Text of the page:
What do you make of this graph from a fascinating book ‘The Future is Rural” by biologist and farmer Jason Bradford that tells the story of food production in the US in the currency of energy.
Start on the right side of the graph with the food energy output per year as food consumed by the human population of the world, 1.1 Quads.
Now compare that to the energy used to generate that food energy eaten—it takes 14.2 Quads to grow, store, deliver, sell and cook the food eaten.
Quads where a Quad is 1,000 trillion BTUs and one BTU is the heat required to raise the temperature of one pound of water by one degree Fahrenheit.
This ratio is not sustainable.
Recall that the logic of the invention of agriculture 12,000 years ago was that it generated an energy surplus that was enough to get people through lean times and seasonal shortages of game and forage. The energy surplus allowed people to stay put with a division of labour and create complex societies.
Modern food supply systems are the opposite. They are colossal energy sinks.
Here is how Jason Bradford summarised the numbers in the graph.
The modern food system runs a large energy deficit and so do most farms. Our energy-sink food system is an aberration that will eventually appear as a blip in human history, and we will require our farms to run an energy surplus to avoid starvation.Jason Bradford
Why is it a blip?
Because the energy sunk into the production, processing, packaging, distribution, and waste of food comes from fossil fuels—an army of energy slaves that we dig up and pump out of the ground for the tiny cost of extraction. And that energy source is about to run out in the case of oil. Coal and gas we should not burn or risk massive climate shifts.
We are lounging in a gluttonous age of cheap energy and cheap food unprecedented in human history and converting the gift into people.
This is neither good nor bad; it is just ecology.
Give any organism excess resources with no controls, and the population will expand at the maximum reproductive rate.
Humans use fossil fuel energy to create a food excess that becomes more humans. This is what nature does with an energy source. It uses the power to defy entropy and make more. Humans are different because our technology is exceptional at creating opportunities.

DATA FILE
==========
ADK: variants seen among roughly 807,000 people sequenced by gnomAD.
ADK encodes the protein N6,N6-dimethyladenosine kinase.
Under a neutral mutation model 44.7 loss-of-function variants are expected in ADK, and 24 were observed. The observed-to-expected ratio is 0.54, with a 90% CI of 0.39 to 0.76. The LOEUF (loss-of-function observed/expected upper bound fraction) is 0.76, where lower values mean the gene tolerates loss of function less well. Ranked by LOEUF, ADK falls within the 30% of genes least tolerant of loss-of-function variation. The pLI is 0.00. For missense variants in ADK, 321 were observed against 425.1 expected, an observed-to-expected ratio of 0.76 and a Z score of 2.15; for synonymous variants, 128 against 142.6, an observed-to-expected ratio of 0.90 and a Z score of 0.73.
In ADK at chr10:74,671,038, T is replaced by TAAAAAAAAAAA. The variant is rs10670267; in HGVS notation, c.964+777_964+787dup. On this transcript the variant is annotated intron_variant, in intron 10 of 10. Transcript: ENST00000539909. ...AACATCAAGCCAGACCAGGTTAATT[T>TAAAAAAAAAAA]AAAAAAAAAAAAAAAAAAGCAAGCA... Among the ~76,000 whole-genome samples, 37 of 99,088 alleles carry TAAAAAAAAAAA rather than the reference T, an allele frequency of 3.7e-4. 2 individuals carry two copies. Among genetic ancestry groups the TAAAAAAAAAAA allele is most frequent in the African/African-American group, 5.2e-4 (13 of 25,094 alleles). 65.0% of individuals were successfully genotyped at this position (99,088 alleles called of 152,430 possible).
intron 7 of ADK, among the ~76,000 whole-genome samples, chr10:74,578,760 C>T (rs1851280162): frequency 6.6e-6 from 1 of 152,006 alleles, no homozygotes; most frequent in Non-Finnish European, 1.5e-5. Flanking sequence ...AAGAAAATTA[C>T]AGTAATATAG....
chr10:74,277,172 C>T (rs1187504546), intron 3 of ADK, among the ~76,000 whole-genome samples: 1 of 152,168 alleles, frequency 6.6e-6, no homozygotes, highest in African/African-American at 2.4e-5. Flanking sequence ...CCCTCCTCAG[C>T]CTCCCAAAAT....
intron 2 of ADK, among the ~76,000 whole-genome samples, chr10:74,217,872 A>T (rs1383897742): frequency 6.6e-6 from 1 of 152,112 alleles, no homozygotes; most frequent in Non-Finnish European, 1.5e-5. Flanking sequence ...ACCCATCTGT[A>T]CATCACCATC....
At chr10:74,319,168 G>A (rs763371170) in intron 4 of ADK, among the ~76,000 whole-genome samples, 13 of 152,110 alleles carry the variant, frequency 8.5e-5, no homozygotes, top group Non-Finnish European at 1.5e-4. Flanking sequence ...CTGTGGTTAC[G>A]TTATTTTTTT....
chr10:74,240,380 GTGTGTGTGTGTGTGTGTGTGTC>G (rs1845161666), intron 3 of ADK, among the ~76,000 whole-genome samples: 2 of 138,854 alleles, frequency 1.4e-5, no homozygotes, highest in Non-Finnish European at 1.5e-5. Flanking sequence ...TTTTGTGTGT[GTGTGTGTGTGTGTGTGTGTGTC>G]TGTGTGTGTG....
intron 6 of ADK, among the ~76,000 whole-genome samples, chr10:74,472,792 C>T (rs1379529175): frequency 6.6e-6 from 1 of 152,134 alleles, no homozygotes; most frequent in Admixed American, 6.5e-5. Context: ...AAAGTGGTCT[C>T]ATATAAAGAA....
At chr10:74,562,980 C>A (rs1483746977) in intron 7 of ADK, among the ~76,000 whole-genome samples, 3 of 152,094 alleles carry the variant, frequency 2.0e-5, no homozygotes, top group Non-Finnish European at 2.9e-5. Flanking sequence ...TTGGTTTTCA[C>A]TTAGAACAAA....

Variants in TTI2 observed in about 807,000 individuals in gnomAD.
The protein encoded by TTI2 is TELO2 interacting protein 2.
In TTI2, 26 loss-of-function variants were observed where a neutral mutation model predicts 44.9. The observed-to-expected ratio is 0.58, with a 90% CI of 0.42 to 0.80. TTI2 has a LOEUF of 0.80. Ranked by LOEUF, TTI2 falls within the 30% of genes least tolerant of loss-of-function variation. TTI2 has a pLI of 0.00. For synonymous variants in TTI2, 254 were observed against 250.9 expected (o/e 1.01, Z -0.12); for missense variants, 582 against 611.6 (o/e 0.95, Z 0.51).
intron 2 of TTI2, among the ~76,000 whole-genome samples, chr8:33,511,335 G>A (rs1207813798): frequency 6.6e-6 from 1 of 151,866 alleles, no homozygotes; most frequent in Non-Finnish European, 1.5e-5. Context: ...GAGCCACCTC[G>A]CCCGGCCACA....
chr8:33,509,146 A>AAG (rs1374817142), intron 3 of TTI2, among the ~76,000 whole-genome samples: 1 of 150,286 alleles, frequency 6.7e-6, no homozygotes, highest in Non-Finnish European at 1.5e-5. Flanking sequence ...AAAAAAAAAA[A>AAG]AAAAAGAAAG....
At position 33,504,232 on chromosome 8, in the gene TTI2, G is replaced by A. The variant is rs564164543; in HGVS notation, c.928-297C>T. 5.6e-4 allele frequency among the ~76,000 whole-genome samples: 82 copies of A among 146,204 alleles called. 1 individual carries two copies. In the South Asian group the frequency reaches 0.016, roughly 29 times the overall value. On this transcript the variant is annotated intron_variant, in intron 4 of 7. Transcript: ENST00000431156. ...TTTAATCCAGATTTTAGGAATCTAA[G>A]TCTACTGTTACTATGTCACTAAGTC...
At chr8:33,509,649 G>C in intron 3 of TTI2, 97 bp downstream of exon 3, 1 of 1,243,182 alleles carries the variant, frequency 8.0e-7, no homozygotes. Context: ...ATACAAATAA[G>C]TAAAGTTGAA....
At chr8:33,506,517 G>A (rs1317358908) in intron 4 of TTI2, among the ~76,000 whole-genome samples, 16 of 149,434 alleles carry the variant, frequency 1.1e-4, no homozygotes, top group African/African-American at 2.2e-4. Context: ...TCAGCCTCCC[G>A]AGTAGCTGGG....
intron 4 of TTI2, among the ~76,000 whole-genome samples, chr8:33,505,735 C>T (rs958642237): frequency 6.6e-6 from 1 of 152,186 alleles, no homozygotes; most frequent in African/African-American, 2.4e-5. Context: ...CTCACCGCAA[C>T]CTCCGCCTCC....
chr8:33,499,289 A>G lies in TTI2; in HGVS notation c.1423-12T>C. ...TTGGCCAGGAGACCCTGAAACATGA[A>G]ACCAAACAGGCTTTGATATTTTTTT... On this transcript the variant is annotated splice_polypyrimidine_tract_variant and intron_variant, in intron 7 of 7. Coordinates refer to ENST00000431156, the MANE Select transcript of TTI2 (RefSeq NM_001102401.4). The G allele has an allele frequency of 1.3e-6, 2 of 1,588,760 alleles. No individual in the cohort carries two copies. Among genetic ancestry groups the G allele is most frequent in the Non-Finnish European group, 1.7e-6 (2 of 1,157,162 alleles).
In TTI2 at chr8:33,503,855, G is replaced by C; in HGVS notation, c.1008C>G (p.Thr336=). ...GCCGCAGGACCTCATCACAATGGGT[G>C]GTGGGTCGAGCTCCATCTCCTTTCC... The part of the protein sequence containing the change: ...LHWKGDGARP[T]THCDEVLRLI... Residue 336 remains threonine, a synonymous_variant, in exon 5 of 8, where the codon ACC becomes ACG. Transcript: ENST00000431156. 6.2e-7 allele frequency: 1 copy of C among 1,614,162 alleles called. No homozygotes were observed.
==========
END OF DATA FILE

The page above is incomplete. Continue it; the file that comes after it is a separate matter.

But we do something else that is different.
What the market tells us
Nobody can do business at a loss, so the push for profit encourages efficiency. This is indeed the claim of industrial agriculture and the supply chain that maintains it—big fields sown with monoculture crops
If this claim is valid, how can the food supply system use 13x more energy than gets eaten?
We are told that the market is efficient but the food supply systems only function because of the cheap energy from fossil fuels.
In other words, the profits that accrue to the businesses in the supply chain—and they do make a profit; otherwise, they would not be in business—are subsidised by ancient energy—the hard work of plants and animals millions of years ago.
Businesses are efficient from a profit perspective rather than from collective energy use.
Nature is energy efficient, modern humans are not.
Don’t blame the farmers
Food production, the base of the supply chain that comes from the efforts of farmers, uses just shy of 2 Quads for the 1.1 Quads eaten.
Not great net efficiency but is out of the park compared to the 12.2 Quads needed to make the food energy available to the household or the 0.7 Quads of food waste at the table.
Tempting as it is to blame the farmers, they are not the problem. Soon they will revert back to less energy-intensive forms of production as the costs of inputs rises. Recall that before tractors, farming generated an energy surplus.
The real problem and the opportunity for huge energy savings is consumer behaviour. It is about what we choose to eat, how we prepare our food and what we manage to waste.
One of the reasons we put diet in the trifecta.
What sustainably FED suggests
Mechanization and globally traded commodities have steadily replaced human and animal labour and local markets in the industrial food system. Every step in the industrial food system requires energy and lots of it—a person eating a meal in the United States is consuming only one kilocalorie of food for every 10 kilocalories spent getting that food to their plate.
It may be that a new energy source emerges that doesn’t pollute the planet. There is already a rush on renewables that need more resources than the planet can cough up just to build and maintain and the technofix may lull some people to sleep.
Clean energy would be huge. Sustainable clean energy would be magnificent.
We don’t have either, not at scale.
In the interim, we suggest tackling the supply chain. Rather than focusing on inefficiency and energy conservation, how about going at it through diet?
Bradford, J., 2019. The Future is Rural: Food System Adaptations to the Great Simplification.
Hero image from photo by Nuril Fikriyah on Unsplash